Playing Guy Clark’s guitars

With Guy Clark holding a guitar he built.

With Guy Clark holding a guitar he built.

I was saddened to learn of the death of Guy Clark in The Tennessean. It was a treat to spend some time with this songwriter’s songwriter and a personal hero in 2013. Here’s the blog about that experience I hope you will enjoy. God bless Guy Clark for maintaining his integrity by writing songs of substance.

Last Tuesday, I was in Guy Clark’s house to interview him for an upcoming column in 2nd & Church, Nashville’s quarterly literary magazine. Guy is one of the songwriters I admire most and I have followed his work since the mid-1980s. Sitting at a table with him in his home talking about songwriting was something I could never have imagined those years ago when I discovered his music for myself.

The theme for the magazine is Ernest Hemingway. Guy co-wrote the song Hemingway’s Whiskey. When the issue is published, you can read Guy’s comments about the man considered by some to be America’s greatest 20th Century author. But this is about my experience of being with a songwriting hero.

Guy Clark not only plays guitars, he has built them. I asked if there were similarities between writing songs and building guitars. “Sometimes I draw that comparison,” he said. “You have to take care with what you’re doing. I like to think of writing songs as art and poetry and at times, I feel that building guitars is the same thing. Except writing is so cerebral. You’re just sitting there staring out a window trying to come up with something from a pocket full of bar napkins from the night before. I’ve got one bar napkin that says, ‘my life was a blank bar napkin ‘til I met you.’”

As we continued to talk he reached toward a Flamenco-style guitar near him, handed it to me and said, “Check this one out. That may be my favorite.” I had told him that I had played some of his songs about the Texas Gulf Coast along the upper Gulf when I played clubs there frequently in the 1980s and 1990s. He asked which ones so I played him a little of “Blowin’ Like a Bandit,” his song about shrimping. I played one verse and realized that there I was, playing a Guy Clark song for Guy Clark. On a guitar Guy Clark had built that he may consider his favorite. In Guy Clark’s house. Wow.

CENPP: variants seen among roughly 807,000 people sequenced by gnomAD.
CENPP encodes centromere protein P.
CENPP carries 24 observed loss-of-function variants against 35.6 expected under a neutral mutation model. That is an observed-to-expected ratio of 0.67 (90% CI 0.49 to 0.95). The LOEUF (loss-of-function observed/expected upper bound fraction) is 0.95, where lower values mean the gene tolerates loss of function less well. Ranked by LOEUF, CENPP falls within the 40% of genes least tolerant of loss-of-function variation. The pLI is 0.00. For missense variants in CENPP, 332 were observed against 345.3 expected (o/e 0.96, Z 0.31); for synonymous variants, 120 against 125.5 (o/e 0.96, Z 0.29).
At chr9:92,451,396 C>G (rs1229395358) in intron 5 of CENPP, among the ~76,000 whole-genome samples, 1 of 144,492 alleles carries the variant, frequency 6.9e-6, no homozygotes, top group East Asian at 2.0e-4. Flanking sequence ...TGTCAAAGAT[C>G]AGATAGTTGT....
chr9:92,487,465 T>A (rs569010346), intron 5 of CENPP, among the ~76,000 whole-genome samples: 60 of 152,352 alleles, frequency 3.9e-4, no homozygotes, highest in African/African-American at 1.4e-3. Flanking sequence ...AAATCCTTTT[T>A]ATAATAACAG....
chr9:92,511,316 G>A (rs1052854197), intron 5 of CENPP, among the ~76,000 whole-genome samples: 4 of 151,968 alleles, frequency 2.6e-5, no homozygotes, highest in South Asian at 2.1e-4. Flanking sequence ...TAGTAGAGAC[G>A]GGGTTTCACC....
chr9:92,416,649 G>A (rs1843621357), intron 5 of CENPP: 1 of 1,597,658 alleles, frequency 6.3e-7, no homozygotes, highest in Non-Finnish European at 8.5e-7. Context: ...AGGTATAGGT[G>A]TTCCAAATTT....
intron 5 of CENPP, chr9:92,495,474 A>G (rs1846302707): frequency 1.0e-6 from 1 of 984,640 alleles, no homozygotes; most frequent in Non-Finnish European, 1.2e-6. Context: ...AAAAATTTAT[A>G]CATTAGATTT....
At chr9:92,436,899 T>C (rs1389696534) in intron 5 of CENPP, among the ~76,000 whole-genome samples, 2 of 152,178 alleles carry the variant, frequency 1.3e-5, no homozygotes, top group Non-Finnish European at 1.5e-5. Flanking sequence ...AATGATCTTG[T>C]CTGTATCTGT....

The label inside the instrument was unlike any I had seen before. “I prick my little finger and smear blood on the label and then sign through it,” he said.

Then, when I thought life couldn’t get any better, he handed me a steel-string that he had also built. “I also build these to play on stage, but not this particular one.” It had no strap-pin or electronics for amplification. “That one sounds so good, I decided to keep it in the house,” Guy said.

“Do you mind if I put a pick to it,” I asked and he said, “Sure. That’s what you’re s’posed to do.” I pulled a pick from my pocket and played him one of my songs, Old Lighthouse.

“Thank you very much for letting me play your guitars,” I said as I handed it back to him. “Oh sure,” he replied, “I love it when other people play ‘em.”

In his song Dublin Blues, Guy refers to witnessing excellence in viewing Michelangelo’s David and da Vinci’s Mona Lisa, not to mention hearing Doc Watson pick the Columbus Stockade Blues. In my own case, I haven’t seen David or Mona Lisa. But I have heard Doc Watson play Columbus Stockade Blues and many other songs and I agree with Guy about that. Now, I’ve had a visit with Guy Clark and the opportunity to play his guitars. For me, that ranks right up there with anybody’s milestones of excellent experiences.

Text and photos copyright 2013 by Les Kerr.

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About Les Kerr

Les Kerr is a songwriter, recording artist, journalist and author originally from the Gulf Coast now based in Nashville, Tennessee. Learn More about Les at www.leskerr.com
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15 Responses to Playing Guy Clark’s guitars

  1. Tammy Vice says:

    I know what a Guy Clark fan you are Les. This must have been a surreal treat. I look forward to reading your upcoming article.

  2. talentedturtle says:

    Awesome! What a great experience, Les!

  3. That is so cool! Great story and awesome you got to meet this legend!

  4. Louie says:

    congrats Les!…man it doesn’t get any better than that!..a world of people would like to have had the honor you received

  5. katkennedy506087046 says:

    Wow, Les! How cool is that? Desperados Waiting for a Train has always been one of my favorites, and when I packed up to move back home from California you can bet I played Jerry Jeff Walker’s cover of LA Freeway on my way out of town. Great post.

    • Les Kerr says:

      Kat – thanks so much! Guy’s new album, My Favorite Picture of You, is one of his best, too. I recommend it highly.

      • katkennedy506087046 says:

        Yes, I love it! He still sounds great! Listened to some of your songs yesterday, too! Sounding good my friend. Love the Gulf Coast songs!

  6. Stin Fox says:

    Les — a moment your will never forget, that’s for sure! Thanks for sharing it with us. Looking forward to the article

  7. Brent from Nashville says:

    Excellent! What a story!

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